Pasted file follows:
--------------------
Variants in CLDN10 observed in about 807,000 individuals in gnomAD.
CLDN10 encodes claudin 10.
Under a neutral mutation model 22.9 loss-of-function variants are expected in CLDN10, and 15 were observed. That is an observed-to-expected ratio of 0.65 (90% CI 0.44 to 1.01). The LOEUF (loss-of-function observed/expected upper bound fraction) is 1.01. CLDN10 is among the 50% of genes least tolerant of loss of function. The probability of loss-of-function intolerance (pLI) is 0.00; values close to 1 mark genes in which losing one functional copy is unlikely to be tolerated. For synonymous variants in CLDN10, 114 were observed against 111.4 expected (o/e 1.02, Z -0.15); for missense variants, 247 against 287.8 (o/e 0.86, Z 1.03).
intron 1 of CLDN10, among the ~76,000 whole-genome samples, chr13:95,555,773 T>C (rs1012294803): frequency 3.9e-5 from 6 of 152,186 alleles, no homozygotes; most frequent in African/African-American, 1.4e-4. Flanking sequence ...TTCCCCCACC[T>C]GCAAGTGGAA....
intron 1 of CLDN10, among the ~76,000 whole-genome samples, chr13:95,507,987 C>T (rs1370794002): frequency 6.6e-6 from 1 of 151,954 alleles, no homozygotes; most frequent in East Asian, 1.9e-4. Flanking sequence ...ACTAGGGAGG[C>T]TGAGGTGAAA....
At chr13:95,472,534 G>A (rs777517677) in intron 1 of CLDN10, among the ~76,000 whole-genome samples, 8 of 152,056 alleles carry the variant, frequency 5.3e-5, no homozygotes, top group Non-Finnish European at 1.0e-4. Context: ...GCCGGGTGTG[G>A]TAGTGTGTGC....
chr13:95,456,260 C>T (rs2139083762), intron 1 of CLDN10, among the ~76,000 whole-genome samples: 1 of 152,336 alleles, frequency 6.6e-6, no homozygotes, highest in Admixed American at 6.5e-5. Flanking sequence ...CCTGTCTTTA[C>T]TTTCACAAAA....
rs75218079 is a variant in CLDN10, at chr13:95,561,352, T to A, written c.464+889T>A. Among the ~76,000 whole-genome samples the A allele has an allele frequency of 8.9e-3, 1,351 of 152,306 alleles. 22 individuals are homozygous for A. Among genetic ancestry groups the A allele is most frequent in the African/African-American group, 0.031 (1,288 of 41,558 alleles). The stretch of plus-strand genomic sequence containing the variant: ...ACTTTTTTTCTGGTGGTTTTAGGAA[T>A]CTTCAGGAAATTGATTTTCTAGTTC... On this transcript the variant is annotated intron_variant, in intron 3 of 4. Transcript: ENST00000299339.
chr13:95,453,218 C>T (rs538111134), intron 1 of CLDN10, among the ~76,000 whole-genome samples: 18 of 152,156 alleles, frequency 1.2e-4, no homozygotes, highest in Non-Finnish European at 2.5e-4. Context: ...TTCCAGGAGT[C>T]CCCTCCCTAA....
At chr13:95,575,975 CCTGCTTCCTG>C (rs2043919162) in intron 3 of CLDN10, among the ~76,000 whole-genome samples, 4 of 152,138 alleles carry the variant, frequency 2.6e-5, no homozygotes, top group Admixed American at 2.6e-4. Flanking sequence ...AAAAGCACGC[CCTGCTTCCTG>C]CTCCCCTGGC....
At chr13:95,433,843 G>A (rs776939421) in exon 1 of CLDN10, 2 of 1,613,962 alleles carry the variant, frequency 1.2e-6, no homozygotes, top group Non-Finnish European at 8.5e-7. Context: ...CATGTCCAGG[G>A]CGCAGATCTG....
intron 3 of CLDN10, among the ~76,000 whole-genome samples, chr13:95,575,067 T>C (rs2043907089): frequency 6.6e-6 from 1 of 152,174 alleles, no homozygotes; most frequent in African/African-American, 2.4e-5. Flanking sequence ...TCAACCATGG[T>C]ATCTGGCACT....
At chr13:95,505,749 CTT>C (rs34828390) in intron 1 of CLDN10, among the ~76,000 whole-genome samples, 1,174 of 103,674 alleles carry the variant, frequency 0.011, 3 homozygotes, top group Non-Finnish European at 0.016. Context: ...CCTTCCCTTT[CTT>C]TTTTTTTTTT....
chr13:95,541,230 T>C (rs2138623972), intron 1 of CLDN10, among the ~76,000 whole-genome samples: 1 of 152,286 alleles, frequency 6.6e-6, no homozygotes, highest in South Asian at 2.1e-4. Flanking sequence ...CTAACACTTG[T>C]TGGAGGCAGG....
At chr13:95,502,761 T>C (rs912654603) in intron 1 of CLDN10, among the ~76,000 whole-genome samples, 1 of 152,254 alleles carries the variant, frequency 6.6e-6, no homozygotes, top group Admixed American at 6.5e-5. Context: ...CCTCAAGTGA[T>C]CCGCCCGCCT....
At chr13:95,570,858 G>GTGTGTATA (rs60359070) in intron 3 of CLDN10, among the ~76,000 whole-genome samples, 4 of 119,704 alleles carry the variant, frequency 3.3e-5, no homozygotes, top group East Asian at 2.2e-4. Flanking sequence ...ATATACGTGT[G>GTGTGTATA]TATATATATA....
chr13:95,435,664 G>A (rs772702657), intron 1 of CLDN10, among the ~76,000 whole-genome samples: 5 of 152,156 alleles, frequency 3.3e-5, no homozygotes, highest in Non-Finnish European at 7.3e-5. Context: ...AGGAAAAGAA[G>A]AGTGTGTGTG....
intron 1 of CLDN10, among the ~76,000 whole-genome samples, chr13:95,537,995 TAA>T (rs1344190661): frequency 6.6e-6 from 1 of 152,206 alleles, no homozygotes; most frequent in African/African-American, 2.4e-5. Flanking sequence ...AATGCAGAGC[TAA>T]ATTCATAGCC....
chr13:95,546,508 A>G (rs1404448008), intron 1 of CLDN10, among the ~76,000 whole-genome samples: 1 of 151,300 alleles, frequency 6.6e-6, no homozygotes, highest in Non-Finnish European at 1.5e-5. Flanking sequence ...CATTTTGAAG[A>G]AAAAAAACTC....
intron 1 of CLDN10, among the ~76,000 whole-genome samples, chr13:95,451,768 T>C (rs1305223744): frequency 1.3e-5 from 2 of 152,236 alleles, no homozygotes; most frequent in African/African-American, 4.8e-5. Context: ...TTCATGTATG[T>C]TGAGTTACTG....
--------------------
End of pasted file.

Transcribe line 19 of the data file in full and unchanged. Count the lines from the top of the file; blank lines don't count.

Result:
chr13:95,546,508 A>G (rs1404448008), intron 1 of CLDN10, among the ~76,000 whole-genome samples: 1 of 151,300 alleles, frequency 6.6e-6, no homozygotes, highest in Non-Finnish European at 1.5e-5. Flanking sequence ...CATTTTGAAG[A>G]AAAAAAACTC....